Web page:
A and A's Movie A Day

Watching movies until we run out.

Movie 152 – Incubus

Incubus July 30th, 2010

First of all, I would like to thank my friend J for this movie. She showed a good portion of it to me when I went to visit her at one point and I was totally fascinated, so when she offered to buy it for us for the project I said yes. How could I say no to a black and white 1966 movie starring William Shatner, with the dialogue entirely in Esperanto? I couldn’t. And so this weekend, while J is visiting, we are watching it. I figure that’s only fair.

In a remote seaside village, the Succubi lure men to them and claim them for the devil. But they’re only supposed to take men with corrupt souls. Kia, one of the Succubi, is weary of only harvesting the corrupt and wants to use her powers to get a pure soul. Enter William Shatner as Marc. He’s an injured soldier recuperating near the village, there with his sister. He is, as one might expect, a pure soul. So of course Kia wants him. Her fellow Succubus warns her off, but Kia goes after him anyhow.

All sorts of things happen while Kia is trying to seduce Marc, like an eclipse which ends up blinding Marc’s sister, and Kia and Marc traipsing through a stream together. Unfortunately for Kia, Marc’s so pure, he ends up seducing her instead of the other way around. She goes all faint and he carries her to the local church. Oh no! Bad idea! Kia and her fellow Succubus decide that Marc has defiled Kia with love and goodness and vow revenge, summoning the titular Incubus.

There’s some seduction and ravishing and a black mass and Shatner gets to fight the Incubus, which isn’t as exciting as one might think. And then there’s a fight between Kia and the Incubus, sort of, only he’s in llama-goat form.

To be quite honest, this isn’t a bad movie. I’ve seen bad movies. I’ve seen really bad movies. I’ve seen Lost Boys 2: The Tribe. This is not bad. You just need to go into it with certain expectations. This isn’t Psycho or Rosemary’s Baby – both relatively contemporary with this movie. You have to expect an art film. You have to expect some somewhat stilted acting. You have to accept that given that none of the actors were fluent in the language they were speaking, some line deliveries might be awkward. But if you go in with all of that, it’s really fairly enjoyable.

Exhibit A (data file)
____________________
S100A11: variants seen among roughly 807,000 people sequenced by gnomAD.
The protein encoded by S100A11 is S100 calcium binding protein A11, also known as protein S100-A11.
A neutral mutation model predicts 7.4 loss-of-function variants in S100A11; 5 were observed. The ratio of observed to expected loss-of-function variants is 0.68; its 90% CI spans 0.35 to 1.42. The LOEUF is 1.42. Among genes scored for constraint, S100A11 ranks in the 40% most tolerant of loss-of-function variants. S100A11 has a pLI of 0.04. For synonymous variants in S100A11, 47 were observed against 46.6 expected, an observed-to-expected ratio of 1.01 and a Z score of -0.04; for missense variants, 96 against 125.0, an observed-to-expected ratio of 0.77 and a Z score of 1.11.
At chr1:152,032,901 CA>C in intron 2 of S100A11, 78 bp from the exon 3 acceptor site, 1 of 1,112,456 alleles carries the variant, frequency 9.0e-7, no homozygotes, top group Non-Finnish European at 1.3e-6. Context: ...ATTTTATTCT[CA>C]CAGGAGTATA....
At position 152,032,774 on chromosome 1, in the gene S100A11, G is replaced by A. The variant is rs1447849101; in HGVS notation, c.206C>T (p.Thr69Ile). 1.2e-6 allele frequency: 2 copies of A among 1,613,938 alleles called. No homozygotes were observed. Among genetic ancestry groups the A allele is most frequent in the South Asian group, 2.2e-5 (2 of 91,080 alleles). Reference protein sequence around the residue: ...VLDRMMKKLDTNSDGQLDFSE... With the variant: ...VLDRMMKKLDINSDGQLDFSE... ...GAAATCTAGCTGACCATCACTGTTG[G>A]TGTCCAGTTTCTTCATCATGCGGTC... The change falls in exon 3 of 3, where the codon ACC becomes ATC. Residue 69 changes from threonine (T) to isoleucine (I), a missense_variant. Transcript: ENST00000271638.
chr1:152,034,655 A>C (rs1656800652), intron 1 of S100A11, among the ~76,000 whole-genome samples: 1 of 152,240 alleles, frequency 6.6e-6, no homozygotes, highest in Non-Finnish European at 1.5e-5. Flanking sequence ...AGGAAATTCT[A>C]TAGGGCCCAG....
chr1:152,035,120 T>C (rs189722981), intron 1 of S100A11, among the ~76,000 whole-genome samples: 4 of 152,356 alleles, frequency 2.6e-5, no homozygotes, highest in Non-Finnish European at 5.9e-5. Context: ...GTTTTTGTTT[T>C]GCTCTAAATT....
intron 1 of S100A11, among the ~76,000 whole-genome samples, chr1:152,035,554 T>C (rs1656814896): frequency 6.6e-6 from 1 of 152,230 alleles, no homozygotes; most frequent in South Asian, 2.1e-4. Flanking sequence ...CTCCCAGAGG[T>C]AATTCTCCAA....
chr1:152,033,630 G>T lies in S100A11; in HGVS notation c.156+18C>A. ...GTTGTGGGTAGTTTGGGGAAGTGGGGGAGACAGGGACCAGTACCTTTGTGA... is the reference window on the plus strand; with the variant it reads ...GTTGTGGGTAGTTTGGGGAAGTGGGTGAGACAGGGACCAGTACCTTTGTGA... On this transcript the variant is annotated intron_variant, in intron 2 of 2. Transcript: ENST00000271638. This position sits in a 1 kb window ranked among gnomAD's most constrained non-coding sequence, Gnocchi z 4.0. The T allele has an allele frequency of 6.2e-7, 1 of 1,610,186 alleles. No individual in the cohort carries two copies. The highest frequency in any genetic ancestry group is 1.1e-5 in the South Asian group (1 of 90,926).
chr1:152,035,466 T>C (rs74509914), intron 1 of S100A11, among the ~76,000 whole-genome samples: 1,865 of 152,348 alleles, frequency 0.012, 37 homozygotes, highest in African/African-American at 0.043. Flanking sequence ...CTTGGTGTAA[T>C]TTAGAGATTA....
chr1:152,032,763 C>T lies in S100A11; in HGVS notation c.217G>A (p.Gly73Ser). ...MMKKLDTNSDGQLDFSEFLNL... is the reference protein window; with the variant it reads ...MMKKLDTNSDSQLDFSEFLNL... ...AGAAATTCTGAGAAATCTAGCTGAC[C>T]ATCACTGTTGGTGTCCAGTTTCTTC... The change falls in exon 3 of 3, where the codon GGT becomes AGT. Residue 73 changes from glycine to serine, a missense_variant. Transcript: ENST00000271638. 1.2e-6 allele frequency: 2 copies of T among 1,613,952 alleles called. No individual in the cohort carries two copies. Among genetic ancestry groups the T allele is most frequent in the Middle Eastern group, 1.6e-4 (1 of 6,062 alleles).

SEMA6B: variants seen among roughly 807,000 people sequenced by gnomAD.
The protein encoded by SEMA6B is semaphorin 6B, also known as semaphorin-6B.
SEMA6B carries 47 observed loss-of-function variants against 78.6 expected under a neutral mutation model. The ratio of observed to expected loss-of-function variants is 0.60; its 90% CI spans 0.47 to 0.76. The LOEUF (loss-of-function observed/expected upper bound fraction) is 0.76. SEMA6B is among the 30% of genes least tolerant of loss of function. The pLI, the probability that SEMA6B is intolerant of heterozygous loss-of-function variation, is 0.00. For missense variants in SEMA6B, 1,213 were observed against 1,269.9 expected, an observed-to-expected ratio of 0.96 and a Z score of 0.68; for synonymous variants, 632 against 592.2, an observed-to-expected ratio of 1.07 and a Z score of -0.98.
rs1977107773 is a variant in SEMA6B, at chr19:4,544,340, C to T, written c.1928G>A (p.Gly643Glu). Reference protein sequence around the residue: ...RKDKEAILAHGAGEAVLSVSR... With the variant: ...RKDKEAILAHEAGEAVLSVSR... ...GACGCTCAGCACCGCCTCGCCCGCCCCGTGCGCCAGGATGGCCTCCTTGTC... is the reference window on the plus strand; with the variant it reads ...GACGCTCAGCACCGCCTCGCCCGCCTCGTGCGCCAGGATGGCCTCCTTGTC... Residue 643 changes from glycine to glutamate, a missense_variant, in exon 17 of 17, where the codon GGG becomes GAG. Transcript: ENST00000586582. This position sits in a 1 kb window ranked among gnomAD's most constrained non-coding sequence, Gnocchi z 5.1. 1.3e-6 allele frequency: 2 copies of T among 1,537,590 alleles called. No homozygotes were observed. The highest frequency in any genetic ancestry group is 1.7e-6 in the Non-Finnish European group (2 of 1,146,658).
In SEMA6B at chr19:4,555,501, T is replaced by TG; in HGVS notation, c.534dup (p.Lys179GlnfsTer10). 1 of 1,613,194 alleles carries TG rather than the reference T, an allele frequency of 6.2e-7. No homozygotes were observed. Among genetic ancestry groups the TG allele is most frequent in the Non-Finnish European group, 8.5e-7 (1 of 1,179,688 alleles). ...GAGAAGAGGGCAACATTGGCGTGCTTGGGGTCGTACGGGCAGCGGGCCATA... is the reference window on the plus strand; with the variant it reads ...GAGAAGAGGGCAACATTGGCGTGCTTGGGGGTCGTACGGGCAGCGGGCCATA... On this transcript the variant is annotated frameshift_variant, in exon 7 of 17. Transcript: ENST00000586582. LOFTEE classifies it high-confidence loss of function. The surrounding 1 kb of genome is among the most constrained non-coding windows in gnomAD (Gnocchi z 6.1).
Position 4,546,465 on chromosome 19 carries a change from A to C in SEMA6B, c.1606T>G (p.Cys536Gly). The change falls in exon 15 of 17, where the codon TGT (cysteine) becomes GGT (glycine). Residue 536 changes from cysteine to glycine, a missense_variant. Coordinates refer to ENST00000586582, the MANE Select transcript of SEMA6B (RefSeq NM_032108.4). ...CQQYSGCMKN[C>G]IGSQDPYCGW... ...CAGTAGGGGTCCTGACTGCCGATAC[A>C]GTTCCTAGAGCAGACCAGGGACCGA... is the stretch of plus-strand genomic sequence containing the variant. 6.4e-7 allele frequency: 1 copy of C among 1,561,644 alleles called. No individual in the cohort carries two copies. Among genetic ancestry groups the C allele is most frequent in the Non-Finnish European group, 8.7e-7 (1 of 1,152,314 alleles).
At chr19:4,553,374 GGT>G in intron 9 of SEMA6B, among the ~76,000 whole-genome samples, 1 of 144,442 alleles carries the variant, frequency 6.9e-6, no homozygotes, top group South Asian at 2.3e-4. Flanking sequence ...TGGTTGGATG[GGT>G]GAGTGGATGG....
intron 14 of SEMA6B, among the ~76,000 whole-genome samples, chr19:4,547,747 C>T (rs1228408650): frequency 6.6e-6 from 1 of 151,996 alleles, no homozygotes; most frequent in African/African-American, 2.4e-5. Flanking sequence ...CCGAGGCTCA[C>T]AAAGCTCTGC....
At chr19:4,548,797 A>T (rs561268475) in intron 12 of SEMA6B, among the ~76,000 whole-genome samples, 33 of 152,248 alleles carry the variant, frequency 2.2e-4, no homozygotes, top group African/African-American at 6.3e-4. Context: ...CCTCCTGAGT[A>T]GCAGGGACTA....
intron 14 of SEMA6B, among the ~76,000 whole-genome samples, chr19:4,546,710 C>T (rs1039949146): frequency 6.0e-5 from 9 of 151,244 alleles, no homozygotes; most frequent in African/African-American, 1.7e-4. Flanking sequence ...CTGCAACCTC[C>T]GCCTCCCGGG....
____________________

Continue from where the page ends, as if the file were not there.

The story seems to be missing some bits, but I’m willing to let that go as the original print of the film was lost and the restoration required borrowing a print from a French theater. It’s somewhat understandable that some bits might have gotten lost. But what’s there is a story about love and redemption and sin and revenge. It’s a story about souls and heaven and hell. It’s not super deep, but it doesn’t have to be. Everything is laid out simply. The Succubi claim men with tainted souls. Marc doesn’t have a tainted soul. Kia wants him, so she’s got to taint him somehow. That’s not complicated. But it doesn’t really matter. It’s interesting and it’s different, and I really don’t think we own anything else like it, so I’m glad we’ve got it and I’m glad we watched it.


July 30, 2010 Posted by | daily reviews | , | Leave a comment


July 30, 2010